With driving fatalities rising at levels not seen in 50 years, the growing incidence of distracted driving is getting part of the blame. Now a lawsuit related to that 2013 Texas crash is raising a question: Does Apple — or any cellphone maker or wireless company — have a responsibility to prevent devices from being used by drivers in illegal and dangerous ways?
The product liability lawsuit, filed against Apple by families of the victims, contends that Apple knew its phones would be used for texting and did not prevent Ms. Kubiak from texting dangerously. The suit is unlikely to succeed, legal experts said, and a Texas magistrate in August preliminarily recommended the case’s dismissal on grounds that it was unlikely that lawyers could prove that the use of the iPhone caused the fatal accident. [...]
The product liability case has brought to light a piece of evidence that legal and safety experts say puts Apple in a quandary — one it shares with other wireless companies. In Apple’s case, the evidence shows, the company has a patent for technology designed to prevent texting while driving, but it has not deployed it.
So it’s not so much that the feature is dangerous but that the experience of enabling it on a second Mac is really poorly designed.
By now, Percy’s contempt for this cliché — the traveler so busy with documentation that he misses out on some phantom called the “experience itself” — has itself become a cliché. But we are not much closer to resolving the fundamental paradox of travel, which is just one version of the fundamental paradox of late-capitalist life. On the one hand, we have been encouraged to believe that we are no longer the sum of our products (as we were when we were still an industrial economy) but the sum of our experiences. On the other, we lack the ritual structures that once served to organize, integrate and preserve the stream of these experiences, so they inevitably feel both scattershot and evanescent. We worry that photographs or journal entries keep us at a remove from life, but we also worry that without an inventory of these documents — a collection of snow globes for the mantel — we’ll disintegrate. Furthermore, that inventory has to fulfill two slightly different functions: It must define us as at once part of a tribe (“people who go to Paris”) and independent of it (“people who go to Paris and don’t photograph the Eiffel Tower”).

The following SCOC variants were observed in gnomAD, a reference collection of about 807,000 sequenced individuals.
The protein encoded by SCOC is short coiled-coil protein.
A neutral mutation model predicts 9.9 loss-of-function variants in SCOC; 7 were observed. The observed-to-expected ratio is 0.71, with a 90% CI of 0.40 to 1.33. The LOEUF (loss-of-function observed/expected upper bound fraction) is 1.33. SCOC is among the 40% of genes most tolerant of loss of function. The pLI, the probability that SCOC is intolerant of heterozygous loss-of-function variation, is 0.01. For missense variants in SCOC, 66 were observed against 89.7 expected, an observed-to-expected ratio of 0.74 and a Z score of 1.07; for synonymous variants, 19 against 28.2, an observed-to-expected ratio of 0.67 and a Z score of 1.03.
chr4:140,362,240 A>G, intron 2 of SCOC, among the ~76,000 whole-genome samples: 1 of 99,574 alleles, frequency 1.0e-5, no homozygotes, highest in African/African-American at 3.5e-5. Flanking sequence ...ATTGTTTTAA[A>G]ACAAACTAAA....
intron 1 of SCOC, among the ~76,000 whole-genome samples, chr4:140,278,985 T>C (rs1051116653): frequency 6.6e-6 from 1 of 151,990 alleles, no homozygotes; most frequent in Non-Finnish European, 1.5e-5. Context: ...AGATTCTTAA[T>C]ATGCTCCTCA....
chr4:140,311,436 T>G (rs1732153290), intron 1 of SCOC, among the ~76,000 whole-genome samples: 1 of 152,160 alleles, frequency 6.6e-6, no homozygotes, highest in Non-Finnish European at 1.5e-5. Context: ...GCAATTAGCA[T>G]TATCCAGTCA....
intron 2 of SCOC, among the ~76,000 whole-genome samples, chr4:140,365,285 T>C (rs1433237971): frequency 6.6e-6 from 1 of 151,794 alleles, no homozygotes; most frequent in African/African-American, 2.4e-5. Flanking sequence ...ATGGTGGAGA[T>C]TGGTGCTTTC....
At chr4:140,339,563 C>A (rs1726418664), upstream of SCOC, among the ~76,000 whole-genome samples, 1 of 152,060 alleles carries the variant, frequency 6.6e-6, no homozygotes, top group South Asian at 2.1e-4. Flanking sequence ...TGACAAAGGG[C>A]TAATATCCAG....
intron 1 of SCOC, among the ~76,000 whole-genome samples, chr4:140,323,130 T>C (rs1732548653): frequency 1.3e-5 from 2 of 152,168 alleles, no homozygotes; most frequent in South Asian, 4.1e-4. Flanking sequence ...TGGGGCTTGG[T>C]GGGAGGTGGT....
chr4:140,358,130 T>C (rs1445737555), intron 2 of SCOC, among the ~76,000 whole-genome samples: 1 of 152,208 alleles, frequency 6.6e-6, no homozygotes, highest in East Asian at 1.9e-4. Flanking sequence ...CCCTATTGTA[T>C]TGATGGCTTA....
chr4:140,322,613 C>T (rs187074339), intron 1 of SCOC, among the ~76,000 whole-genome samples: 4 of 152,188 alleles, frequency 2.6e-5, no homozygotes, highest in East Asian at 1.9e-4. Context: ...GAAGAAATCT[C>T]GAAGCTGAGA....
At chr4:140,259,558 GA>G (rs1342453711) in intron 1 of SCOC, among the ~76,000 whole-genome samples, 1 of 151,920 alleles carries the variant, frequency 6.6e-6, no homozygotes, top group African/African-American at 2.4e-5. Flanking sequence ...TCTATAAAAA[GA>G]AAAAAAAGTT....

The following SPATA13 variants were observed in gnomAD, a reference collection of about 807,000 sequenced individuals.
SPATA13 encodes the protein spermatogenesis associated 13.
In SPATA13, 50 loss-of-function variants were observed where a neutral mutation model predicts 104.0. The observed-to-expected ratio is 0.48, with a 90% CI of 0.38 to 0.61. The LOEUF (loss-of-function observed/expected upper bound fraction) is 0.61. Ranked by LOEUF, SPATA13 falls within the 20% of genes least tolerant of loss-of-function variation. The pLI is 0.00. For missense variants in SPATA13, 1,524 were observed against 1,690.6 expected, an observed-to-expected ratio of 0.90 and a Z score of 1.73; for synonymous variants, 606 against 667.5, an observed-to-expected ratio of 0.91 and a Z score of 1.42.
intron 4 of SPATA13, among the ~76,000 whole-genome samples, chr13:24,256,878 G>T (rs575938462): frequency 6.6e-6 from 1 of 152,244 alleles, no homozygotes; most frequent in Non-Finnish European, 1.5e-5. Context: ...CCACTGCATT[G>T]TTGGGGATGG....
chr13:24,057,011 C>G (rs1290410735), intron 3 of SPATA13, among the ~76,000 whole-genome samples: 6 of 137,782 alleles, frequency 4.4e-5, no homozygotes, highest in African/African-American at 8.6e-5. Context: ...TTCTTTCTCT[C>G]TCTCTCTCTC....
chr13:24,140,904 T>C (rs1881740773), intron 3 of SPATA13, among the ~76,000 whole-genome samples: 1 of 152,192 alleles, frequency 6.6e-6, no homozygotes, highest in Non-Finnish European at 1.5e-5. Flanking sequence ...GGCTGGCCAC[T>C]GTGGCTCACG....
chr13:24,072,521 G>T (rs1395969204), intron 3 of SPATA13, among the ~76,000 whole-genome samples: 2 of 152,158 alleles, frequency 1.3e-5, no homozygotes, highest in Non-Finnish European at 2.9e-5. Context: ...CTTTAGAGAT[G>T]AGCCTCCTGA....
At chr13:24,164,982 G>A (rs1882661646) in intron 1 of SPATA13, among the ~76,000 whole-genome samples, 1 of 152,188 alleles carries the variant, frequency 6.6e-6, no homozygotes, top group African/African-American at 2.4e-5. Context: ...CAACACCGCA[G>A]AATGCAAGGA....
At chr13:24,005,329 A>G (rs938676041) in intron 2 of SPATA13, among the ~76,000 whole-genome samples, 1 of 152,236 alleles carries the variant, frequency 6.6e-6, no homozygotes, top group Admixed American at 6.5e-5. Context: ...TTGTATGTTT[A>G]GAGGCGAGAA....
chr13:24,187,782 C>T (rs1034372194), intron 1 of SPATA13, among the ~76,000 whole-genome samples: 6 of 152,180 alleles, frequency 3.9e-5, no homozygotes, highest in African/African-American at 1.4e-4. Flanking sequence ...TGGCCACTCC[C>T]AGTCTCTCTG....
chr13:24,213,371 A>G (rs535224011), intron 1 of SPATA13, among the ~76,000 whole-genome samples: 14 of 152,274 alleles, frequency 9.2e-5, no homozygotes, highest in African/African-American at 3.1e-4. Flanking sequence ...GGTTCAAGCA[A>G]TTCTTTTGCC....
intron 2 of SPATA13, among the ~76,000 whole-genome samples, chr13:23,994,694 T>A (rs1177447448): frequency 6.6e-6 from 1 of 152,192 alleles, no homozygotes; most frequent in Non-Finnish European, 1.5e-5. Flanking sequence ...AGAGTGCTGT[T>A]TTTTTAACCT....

Now that social media has given us a public forum, both theatrical stage and deposit institution, for this inventory, we have brought to this paradox increasingly elaborate methods of documentary performance. But the underlying strategies are nothing new. The most elementary strategy is the avoidance of the Grand Canyon/Eiffel Tower conundrum entirely, but this works only if you’re confident that you’ve identified a satisfying alternative. (As Paul Fussell put it in his 1979 book “Abroad,” “Avoiding Waikiki brings up the whole question of why one’s gone to Hawaii at all, but that’s exactly the problem.”) Another is to forefront our own inauthenticity as a disclaimer. In his 1987 book “The Songlines,” Bruce Chatwin described his lifelong attempt to write a book about nomads as a repudiation of his earlier involvement with art: “I quit my job in the ‘art world’ and went back to the dry places: alone, travelling light. The names of the tribes I travelled among are unimportant: Rguibat, Quashgai, Taimanni, Turkomen, Bororo, Tuareg — people whose journeys, unlike my own, had neither beginning nor end.” People, that is, who had a motive for travel that went well beyond the vanity of documentation.
Three years after the demise of Google Readers, it seems that a lot of the third-party podcast clients on the App Store are relying only on a centralized server for feed information.
I hope Apple's podcast player doesn't change to that model too.
Thanks for reading.